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Brookgreen Gardens was created by sculptor Anna Hyatt Huntington and her husband, Archer, the only child of the Huntington of the Transcontinental Railroad fortune. When Anna was diagnosed with tuberculosis as a young bride, they left Manhattan to winter in Myrtle Beach, buying three rice plantations between the Waccamaw River and the Atlantic. They transformed it into their version of paradise, with gardens, fountains, connected by allées of 200-year old live oaks, a sprawling house made in the pierce-work brick and exposed mortar style of Spanish architecture that Archer so loved from his travels. He even built a zoo for Anna, so she could study animals who were her favorite subjects. Now a highway, Rt 17, divides the estate: one side being Brookgreen Gardens, and one side being Huntington Beach State Park (leased to S.C.) which contains the house and the ocean-side beach.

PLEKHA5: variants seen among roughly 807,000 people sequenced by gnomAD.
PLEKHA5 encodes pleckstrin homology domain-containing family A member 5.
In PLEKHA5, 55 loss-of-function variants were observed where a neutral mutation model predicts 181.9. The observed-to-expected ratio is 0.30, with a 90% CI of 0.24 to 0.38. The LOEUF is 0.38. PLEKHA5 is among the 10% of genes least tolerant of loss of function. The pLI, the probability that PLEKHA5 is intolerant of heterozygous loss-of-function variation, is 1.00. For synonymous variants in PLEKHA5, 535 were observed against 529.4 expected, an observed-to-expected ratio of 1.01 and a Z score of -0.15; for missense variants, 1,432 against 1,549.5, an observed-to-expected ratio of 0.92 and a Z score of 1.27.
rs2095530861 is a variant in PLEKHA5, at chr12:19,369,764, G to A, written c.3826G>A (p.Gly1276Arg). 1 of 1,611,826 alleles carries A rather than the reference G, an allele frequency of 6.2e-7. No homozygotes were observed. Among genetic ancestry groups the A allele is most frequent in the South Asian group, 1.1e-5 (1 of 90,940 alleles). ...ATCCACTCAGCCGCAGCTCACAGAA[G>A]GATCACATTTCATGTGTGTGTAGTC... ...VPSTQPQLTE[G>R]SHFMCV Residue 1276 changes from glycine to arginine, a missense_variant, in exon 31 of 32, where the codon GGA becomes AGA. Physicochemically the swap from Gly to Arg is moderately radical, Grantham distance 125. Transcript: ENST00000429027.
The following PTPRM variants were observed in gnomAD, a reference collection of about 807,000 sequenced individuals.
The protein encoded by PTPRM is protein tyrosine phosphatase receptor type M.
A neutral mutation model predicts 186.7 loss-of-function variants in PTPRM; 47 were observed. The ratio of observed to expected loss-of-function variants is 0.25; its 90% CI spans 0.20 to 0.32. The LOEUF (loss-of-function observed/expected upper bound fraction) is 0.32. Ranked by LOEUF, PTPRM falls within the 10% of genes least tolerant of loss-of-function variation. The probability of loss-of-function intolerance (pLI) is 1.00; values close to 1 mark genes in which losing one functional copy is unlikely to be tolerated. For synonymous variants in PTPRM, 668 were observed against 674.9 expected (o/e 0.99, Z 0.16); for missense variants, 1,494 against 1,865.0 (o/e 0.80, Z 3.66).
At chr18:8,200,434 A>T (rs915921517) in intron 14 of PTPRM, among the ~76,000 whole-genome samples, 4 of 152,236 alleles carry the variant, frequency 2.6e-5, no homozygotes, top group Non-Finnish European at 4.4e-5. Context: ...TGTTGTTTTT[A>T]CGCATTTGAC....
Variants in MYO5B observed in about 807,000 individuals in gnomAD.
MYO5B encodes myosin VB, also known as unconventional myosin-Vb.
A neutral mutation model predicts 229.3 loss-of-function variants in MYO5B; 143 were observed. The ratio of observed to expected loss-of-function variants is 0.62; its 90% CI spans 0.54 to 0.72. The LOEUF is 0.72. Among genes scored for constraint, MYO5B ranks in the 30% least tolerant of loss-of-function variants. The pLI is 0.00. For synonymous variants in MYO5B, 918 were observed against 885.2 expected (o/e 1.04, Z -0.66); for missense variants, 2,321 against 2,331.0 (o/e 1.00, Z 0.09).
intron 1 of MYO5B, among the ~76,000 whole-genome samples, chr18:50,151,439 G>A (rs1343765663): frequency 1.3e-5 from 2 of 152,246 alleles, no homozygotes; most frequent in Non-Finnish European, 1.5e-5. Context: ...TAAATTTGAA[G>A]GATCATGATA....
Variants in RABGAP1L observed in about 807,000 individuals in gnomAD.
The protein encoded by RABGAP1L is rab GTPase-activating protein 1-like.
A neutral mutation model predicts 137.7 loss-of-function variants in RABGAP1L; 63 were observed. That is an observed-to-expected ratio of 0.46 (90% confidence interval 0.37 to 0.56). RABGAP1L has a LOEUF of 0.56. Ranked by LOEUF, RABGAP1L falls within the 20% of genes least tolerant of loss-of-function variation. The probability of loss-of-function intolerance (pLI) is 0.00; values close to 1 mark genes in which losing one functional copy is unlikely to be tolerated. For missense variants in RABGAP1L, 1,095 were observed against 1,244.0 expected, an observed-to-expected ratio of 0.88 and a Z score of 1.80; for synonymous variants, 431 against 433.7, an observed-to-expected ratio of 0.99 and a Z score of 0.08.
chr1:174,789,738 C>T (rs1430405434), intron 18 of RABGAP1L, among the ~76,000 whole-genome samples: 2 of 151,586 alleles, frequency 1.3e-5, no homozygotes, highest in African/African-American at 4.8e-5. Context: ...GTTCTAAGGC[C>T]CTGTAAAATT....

The Huntingtons were avid collectors of representational American sculpture, and the estate is still acquiring with that guideline, from larger-than-life mythical figures, to scores of medals from the Society of Medalists. Sculptures range from Mount Airy granite (above left), bronze, marble, and after WWII, Anna decided that bronzes tended to be dark, largely-ignored pieces in museums, so she had her outdoor pieces cast in aluminum. The two fighting horses at the entrance of Brookgreen are a bit surprising, looking like sand-blasted aluminum with no particular shading or contrast provided by oxidation. They made us think of the Chrysler Building. We, who live in an aluminum cocoon, should love it, but after the rich patinas of the Hellenic Bronzes at the National Gallery, it may have to be an acquired taste.